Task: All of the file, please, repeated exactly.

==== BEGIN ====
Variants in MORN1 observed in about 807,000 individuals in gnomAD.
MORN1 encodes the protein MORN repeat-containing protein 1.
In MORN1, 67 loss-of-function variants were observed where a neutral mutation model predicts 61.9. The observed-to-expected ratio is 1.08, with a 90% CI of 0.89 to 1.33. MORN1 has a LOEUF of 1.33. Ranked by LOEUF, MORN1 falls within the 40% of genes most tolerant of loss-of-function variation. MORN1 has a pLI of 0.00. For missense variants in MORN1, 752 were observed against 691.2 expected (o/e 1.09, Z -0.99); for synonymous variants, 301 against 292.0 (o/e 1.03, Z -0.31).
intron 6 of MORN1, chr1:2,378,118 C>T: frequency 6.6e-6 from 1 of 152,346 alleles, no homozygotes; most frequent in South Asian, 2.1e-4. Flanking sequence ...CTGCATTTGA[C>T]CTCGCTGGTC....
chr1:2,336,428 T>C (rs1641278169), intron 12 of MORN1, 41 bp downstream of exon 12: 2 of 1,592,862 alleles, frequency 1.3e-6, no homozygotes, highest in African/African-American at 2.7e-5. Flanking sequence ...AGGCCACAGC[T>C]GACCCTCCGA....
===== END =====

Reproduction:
Variants in MORN1 observed in about 807,000 individuals in gnomAD.
MORN1 encodes the protein MORN repeat-containing protein 1.
In MORN1, 67 loss-of-function variants were observed where a neutral mutation model predicts 61.9. The observed-to-expected ratio is 1.08, with a 90% CI of 0.89 to 1.33. MORN1 has a LOEUF of 1.33. Ranked by LOEUF, MORN1 falls within the 40% of genes most tolerant of loss-of-function variation. MORN1 has a pLI of 0.00. For missense variants in MORN1, 752 were observed against 691.2 expected (o/e 1.09, Z -0.99); for synonymous variants, 301 against 292.0 (o/e 1.03, Z -0.31).
intron 6 of MORN1, chr1:2,378,118 C>T: frequency 6.6e-6 from 1 of 152,346 alleles, no homozygotes; most frequent in South Asian, 2.1e-4. Flanking sequence ...CTGCATTTGA[C>T]CTCGCTGGTC....
chr1:2,336,428 T>C (rs1641278169), intron 12 of MORN1, 41 bp downstream of exon 12: 2 of 1,592,862 alleles, frequency 1.3e-6, no homozygotes, highest in African/African-American at 2.7e-5. Flanking sequence ...AGGCCACAGC[T>C]GACCCTCCGA....